New Year, New You?

What is so challenging about sustaining effort toward a goal?

Aaaah, sweet January! So many of us start with new resolutions and goals. This magical clean slate can do wonders for the psyche. What does it feel like to imagine the world anew? How does it feel for you to create a new story for yourself? Exciting, fun, productive, successful, happy… these are often the positive emotions that we attach to our resolutions when we envision success.

Every January I hit the gym and am reminded of the jubilant and dedicated resolutions of health that are evidenced by the overflowing parking lots, crowded group classrooms and steady traffic on the equipment. Those of us who are regulars grumble a bit, and I often remind myself that this too will pass once we hit the month March. Which leads me to my big question: What is so challenging about sustaining effort toward a goal – especially when it seems attainable, actionable, and will benefit us in one manner or another?

Exercising more, spending less, reading, sleeping, eating better; these are all common resolutions for the New Year. You might have one or more of these on your own list.

Here’s what I know is hard: sustained effort.

Whether it is difficult to keep going or the finish line seems so far away, it can be a true challenge to get from point A to point B. Here’s what helps me and my clients:

Three Steps to Building Momentum for Your Goals

1. Get Real

2. "Buddy Check!"

3. Self-Compassion

1.       REALITY CHECK: Have we set realistic and measurable goals? How would you measure success for a goal like “I’m going to be healthier this year.”? That could mean anything. Quantifying our goals creates a pause for us to determine the meaning of that big goal and how we will know when we are making progress. “I should be able to get to the gym every day” might not be the easiest goal to set when our previous habit was 0 days per week. It might be more realistic to quantify that goal – 3, 4, 5 times a week? Small, quantifiable steps inside of big goals often lead to more consistent results.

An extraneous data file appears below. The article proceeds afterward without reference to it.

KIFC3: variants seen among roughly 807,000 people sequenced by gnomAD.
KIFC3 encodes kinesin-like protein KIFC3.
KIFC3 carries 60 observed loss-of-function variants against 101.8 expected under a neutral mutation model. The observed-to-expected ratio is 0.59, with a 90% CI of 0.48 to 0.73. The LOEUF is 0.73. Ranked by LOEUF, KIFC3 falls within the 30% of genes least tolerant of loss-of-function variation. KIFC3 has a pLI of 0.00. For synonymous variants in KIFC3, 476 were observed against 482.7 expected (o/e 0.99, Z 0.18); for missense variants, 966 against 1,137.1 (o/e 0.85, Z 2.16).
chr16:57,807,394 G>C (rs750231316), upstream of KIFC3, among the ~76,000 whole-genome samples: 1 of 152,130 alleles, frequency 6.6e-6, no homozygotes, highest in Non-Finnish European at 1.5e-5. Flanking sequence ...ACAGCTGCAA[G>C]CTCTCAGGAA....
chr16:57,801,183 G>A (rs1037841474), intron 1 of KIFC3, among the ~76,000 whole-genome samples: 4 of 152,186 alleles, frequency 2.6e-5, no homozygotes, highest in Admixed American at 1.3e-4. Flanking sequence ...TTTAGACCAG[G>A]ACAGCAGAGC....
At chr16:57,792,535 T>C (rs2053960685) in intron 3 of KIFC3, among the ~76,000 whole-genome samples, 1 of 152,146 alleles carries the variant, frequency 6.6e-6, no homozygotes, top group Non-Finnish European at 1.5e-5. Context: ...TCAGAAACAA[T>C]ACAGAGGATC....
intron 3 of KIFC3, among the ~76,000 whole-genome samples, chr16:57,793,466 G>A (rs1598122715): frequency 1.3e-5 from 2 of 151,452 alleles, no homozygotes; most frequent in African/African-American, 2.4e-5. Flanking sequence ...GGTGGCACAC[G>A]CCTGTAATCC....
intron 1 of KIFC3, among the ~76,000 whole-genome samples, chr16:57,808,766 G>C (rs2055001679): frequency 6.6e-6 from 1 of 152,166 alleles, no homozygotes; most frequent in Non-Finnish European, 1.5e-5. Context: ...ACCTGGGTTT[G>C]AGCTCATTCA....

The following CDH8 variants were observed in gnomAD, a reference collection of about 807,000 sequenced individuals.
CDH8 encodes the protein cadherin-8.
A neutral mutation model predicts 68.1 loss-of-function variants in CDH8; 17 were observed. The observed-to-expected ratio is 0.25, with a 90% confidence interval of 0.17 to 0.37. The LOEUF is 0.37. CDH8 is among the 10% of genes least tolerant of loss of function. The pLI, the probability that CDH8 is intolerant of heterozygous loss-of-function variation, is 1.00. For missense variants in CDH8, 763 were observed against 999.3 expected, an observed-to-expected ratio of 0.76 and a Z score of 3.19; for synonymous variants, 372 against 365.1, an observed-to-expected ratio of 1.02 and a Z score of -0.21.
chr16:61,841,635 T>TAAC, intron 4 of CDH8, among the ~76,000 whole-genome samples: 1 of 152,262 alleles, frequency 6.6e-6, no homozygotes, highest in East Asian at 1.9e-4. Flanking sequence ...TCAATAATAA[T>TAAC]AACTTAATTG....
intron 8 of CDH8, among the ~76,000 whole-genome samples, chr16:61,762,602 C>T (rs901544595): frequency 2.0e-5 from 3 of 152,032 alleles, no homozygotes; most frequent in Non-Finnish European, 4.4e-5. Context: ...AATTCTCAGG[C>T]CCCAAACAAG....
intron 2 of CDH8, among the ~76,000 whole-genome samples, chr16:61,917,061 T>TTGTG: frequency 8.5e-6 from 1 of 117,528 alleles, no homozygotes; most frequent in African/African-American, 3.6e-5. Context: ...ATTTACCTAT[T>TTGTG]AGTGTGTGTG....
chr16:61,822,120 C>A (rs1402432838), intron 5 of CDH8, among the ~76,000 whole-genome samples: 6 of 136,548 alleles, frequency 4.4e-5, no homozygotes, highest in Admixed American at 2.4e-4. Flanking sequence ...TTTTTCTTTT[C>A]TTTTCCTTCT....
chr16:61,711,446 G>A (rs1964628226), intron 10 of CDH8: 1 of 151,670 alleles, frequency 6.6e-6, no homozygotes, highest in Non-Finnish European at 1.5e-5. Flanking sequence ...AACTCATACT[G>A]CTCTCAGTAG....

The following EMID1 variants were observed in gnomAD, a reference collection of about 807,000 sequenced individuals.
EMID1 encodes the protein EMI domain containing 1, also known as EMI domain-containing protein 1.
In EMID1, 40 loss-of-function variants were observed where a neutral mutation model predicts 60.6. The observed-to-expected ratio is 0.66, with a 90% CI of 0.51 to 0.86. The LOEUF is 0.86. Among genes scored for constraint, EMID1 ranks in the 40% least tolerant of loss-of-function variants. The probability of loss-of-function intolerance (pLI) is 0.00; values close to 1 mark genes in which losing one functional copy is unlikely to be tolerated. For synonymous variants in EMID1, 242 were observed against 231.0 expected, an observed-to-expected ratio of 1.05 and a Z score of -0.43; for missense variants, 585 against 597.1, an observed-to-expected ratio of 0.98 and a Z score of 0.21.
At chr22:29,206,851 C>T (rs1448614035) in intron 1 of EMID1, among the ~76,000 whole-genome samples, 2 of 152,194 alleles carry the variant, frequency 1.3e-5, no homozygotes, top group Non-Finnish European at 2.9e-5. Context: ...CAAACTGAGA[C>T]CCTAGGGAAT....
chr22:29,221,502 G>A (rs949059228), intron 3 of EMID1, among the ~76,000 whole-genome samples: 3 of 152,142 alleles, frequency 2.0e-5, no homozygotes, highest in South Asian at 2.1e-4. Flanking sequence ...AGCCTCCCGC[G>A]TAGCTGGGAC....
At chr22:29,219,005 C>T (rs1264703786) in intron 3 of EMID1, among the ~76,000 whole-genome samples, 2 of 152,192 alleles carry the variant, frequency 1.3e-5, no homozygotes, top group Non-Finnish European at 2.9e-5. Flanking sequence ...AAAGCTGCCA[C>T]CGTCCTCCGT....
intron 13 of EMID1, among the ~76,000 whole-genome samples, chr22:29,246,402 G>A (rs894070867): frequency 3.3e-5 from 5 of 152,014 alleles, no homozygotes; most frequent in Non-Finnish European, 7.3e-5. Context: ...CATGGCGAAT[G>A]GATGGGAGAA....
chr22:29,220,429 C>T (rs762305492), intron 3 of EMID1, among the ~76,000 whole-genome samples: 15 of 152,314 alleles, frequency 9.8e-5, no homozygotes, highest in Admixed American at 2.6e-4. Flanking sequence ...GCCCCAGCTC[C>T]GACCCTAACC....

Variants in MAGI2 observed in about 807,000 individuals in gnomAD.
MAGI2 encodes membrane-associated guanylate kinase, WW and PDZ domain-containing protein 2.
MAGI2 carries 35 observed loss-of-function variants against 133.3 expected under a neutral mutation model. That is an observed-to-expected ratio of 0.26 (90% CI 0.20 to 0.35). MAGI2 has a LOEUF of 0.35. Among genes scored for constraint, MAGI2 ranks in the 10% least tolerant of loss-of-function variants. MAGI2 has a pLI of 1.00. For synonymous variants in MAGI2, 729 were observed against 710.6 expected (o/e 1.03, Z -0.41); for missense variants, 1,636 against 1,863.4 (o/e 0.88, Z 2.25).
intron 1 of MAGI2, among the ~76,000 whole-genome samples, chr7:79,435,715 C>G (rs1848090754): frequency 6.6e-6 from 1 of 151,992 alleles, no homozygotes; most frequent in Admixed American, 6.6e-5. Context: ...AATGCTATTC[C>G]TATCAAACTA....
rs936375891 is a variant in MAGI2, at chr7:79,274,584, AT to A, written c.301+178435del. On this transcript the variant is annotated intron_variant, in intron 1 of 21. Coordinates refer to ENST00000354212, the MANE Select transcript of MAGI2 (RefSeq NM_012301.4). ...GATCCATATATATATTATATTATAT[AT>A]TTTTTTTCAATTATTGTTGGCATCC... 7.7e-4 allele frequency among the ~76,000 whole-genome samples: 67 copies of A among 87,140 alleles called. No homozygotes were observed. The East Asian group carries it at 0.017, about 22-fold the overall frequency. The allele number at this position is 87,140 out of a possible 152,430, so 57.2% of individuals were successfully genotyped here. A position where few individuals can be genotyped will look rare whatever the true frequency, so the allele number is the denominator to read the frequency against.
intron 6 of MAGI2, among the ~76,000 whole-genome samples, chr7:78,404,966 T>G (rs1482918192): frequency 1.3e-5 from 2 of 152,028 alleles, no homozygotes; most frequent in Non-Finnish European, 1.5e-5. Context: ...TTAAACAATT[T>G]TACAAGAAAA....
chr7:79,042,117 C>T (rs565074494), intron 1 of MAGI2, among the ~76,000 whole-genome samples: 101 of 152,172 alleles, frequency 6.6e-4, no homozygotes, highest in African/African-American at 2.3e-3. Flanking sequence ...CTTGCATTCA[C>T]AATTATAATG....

2.       BUDDY SYSTEMS: It is easier to fall off the wagon when we go it alone or keep it to ourselves, and there’s a certain level of accountability that occurs when we say things out loud. Some of us prefer to tell a friend or confidant. Others go so far as to post it to the world. Whatever your level of accountability, the best practice is to find the system (and a cheerleader) that works for you. Who is on your cheer squad?

3.       FORGIVENESS: Everyone struggles with something. Consistency takes practice. Did you hear that? Practice, not perfection. It can be hard for many of us to get back onto the horse when we have a misstep or slip in effort. Are you “shoulding” all over yourself until you decide it is so painful to fathom you might try again? Guess what? You’re not alone. Give yourself a little slack. What isn’t working? What is doable RIGHT NOW? You can always do better when you learn from the missteps.

This year my personal resolutions include a whole lot of goals, big and small. They are quantified and my buddy system is cheering me on and holding my feet to the fire by my own request. For those of you who know me, I like the psychology of lists, and I am looking forward to crossing off a few accomplishments in the next 30-60 days. I’m tackling my first bite-sized goal: Exercise 4 days a week for 30+ minutes. Cliché, right? Perhaps, but I fell off that wagon over the last few months, and I feel so much better when I move regularly. So, with a little forgiveness and a plan in hand, I’m off to make things happen. I’m tracking my efforts because I love data – it makes me happy when it shows an upward trend. See what I did there? I just publicly outed myself with one of my goals.

Kate Barrett